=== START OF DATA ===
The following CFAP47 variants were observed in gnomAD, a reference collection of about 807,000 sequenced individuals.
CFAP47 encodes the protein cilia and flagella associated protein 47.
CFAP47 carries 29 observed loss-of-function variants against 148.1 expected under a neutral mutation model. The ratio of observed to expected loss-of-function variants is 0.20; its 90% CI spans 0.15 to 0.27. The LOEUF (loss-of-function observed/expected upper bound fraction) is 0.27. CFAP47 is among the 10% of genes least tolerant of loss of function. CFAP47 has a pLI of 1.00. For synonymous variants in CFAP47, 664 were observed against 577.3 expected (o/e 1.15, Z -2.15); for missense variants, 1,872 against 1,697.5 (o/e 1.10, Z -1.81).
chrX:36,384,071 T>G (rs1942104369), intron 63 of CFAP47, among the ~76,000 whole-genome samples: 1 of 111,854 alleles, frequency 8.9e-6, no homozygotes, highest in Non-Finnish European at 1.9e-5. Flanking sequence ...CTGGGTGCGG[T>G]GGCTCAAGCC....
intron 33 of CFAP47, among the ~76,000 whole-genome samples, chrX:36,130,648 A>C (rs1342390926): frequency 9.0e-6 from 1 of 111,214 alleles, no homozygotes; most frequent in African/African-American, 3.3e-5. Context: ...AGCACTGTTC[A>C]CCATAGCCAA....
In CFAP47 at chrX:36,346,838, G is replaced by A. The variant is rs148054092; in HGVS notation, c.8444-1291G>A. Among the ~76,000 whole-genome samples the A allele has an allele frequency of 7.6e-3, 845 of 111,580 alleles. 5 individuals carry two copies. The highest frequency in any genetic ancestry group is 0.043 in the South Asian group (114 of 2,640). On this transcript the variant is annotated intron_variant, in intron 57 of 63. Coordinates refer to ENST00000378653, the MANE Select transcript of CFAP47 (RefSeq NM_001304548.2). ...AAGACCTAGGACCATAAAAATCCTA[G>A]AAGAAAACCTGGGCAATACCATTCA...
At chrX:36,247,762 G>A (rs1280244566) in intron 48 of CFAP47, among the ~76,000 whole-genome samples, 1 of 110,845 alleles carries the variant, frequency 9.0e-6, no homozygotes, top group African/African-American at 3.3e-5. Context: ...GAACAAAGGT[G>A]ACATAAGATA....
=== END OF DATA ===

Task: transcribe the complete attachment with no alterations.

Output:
The following CFAP47 variants were observed in gnomAD, a reference collection of about 807,000 sequenced individuals.
CFAP47 encodes the protein cilia and flagella associated protein 47.
CFAP47 carries 29 observed loss-of-function variants against 148.1 expected under a neutral mutation model. The ratio of observed to expected loss-of-function variants is 0.20; its 90% CI spans 0.15 to 0.27. The LOEUF (loss-of-function observed/expected upper bound fraction) is 0.27. CFAP47 is among the 10% of genes least tolerant of loss of function. CFAP47 has a pLI of 1.00. For synonymous variants in CFAP47, 664 were observed against 577.3 expected (o/e 1.15, Z -2.15); for missense variants, 1,872 against 1,697.5 (o/e 1.10, Z -1.81).
chrX:36,384,071 T>G (rs1942104369), intron 63 of CFAP47, among the ~76,000 whole-genome samples: 1 of 111,854 alleles, frequency 8.9e-6, no homozygotes, highest in Non-Finnish European at 1.9e-5. Flanking sequence ...CTGGGTGCGG[T>G]GGCTCAAGCC....
intron 33 of CFAP47, among the ~76,000 whole-genome samples, chrX:36,130,648 A>C (rs1342390926): frequency 9.0e-6 from 1 of 111,214 alleles, no homozygotes; most frequent in African/African-American, 3.3e-5. Context: ...AGCACTGTTC[A>C]CCATAGCCAA....
In CFAP47 at chrX:36,346,838, G is replaced by A. The variant is rs148054092; in HGVS notation, c.8444-1291G>A. Among the ~76,000 whole-genome samples the A allele has an allele frequency of 7.6e-3, 845 of 111,580 alleles. 5 individuals carry two copies. The highest frequency in any genetic ancestry group is 0.043 in the South Asian group (114 of 2,640). On this transcript the variant is annotated intron_variant, in intron 57 of 63. Coordinates refer to ENST00000378653, the MANE Select transcript of CFAP47 (RefSeq NM_001304548.2). ...AAGACCTAGGACCATAAAAATCCTA[G>A]AAGAAAACCTGGGCAATACCATTCA...
At chrX:36,247,762 G>A (rs1280244566) in intron 48 of CFAP47, among the ~76,000 whole-genome samples, 1 of 110,845 alleles carries the variant, frequency 9.0e-6, no homozygotes, top group African/African-American at 3.3e-5. Context: ...GAACAAAGGT[G>A]ACATAAGATA....